Behind the Scenes of Leonard Water Treatment Plant: With Aliza Caraballo

When the Leonard Water Treatment Plant first delivers water, Aliza Caraballo will raise a glass to the team that devoted years of hard work to this project. Caraballo, a North Texas Municipal District (NTMWD) engineer, is project manager for the construction of the Bois d’Arc Lake project. Over the past five years, she has worked on all project components, with the water treatment plant as her major focus and passion.

Creative Construction

A big part of Caraballo’s role centered around the plant’s detailed design and construction. Building a treatment plant from the ground up provided opportunities to customize it for top performance. At the same time, it posed a unique set of challenges.

Since the plant was built in an undeveloped area in Fannin County, there were no existing water or electric utilities available as construction teams built and tested different components. NTMWD’s Engineering and Operations staff and the contractors brainstormed different approaches to work around the site’s limitations, down to “drilling and permitting wells to make our own water.” By working creatively and closely with regulators throughout the process, they were able to build the plant in a way that meets both its own needs and offers an infrastructure and electrical backbone for the entire county.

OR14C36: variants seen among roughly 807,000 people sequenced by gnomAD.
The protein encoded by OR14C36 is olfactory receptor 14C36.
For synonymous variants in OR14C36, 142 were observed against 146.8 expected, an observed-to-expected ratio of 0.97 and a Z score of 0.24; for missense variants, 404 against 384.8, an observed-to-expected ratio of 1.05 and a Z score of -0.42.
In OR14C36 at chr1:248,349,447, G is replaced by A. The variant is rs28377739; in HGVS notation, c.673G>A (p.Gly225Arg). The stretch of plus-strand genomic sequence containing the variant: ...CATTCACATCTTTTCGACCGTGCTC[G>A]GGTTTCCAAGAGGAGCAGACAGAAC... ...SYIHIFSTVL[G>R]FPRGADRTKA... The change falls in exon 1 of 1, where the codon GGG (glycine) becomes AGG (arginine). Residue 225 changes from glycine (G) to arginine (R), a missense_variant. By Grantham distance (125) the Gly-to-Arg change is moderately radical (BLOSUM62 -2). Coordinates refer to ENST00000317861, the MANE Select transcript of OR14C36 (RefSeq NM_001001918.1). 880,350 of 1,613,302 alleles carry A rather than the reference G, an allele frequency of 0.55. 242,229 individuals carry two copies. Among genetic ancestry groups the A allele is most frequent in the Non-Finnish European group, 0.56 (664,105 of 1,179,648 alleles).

Key Takeaways

The project “has been a great experience, not just because it is a landmark project, but because it has opened doors to many things we’ve never done before,” Caraballo explained. “The opportunity to collaborate with so many different teams and contractors has been my biggest takeaway.”

She has also “discovered how important it is to prioritize what needs to be done each day,” as well as the importance of delegation and leaning on the expertise of others. “I have learned so much from the skills and knowledge of others—the fish stocking and mitigation aspects of the project were new to me and absolutely fascinating.”

Moving toward water delivery, team members are now being trained to operate the plant. Caraballo looks forward to seeing the plant in action, knowing it will provide critical water for the region.

“This new plant will help us meet water needs of the quickly growing communities we serve,” Caraballo explained. For someone who has “always wanted to build a new plant from scratch,” she said, this “was the career opportunity of a lifetime.”

SOURCE: North Texas Municipal Water District

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